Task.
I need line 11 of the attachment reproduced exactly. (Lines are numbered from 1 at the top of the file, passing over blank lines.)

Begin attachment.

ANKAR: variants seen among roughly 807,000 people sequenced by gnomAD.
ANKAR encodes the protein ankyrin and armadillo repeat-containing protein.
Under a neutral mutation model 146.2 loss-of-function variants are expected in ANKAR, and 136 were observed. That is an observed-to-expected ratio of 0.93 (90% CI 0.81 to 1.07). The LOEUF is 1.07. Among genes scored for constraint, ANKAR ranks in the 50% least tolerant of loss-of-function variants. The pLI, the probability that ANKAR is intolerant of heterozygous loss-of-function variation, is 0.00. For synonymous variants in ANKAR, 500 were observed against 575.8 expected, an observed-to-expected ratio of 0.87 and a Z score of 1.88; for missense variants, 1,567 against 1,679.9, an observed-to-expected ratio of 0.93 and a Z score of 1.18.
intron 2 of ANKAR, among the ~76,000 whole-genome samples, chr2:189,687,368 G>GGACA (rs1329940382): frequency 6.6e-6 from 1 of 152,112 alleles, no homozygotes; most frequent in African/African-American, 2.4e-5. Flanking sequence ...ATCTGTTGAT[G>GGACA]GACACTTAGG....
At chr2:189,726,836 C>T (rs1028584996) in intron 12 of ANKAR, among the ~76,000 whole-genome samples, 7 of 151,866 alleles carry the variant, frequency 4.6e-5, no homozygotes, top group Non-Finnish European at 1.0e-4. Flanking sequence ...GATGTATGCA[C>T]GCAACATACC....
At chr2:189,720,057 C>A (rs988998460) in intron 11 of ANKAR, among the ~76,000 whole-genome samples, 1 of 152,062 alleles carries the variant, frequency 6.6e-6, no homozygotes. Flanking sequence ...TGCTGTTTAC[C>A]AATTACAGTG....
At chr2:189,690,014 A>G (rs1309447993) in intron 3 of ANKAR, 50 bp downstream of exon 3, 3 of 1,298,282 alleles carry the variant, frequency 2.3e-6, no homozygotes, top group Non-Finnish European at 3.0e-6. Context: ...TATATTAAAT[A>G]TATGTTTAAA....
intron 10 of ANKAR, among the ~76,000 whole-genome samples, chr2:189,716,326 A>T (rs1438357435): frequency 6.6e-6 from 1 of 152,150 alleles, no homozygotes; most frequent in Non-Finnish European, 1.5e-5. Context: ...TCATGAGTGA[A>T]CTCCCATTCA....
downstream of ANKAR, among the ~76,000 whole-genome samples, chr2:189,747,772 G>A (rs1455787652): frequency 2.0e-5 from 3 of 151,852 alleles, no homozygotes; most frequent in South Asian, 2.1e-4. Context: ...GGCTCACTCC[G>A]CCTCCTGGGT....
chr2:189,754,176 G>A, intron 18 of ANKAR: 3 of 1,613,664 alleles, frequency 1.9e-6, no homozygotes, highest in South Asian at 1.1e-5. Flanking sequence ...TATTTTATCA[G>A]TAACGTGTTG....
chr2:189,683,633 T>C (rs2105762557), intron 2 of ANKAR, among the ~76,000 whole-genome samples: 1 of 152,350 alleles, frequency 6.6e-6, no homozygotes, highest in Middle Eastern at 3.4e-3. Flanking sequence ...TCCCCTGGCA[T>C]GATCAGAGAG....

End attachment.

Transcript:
chr2:189,683,633 T>C (rs2105762557), intron 2 of ANKAR, among the ~76,000 whole-genome samples: 1 of 152,350 alleles, frequency 6.6e-6, no homozygotes, highest in Middle Eastern at 3.4e-3. Flanking sequence ...TCCCCTGGCA[T>C]GATCAGAGAG....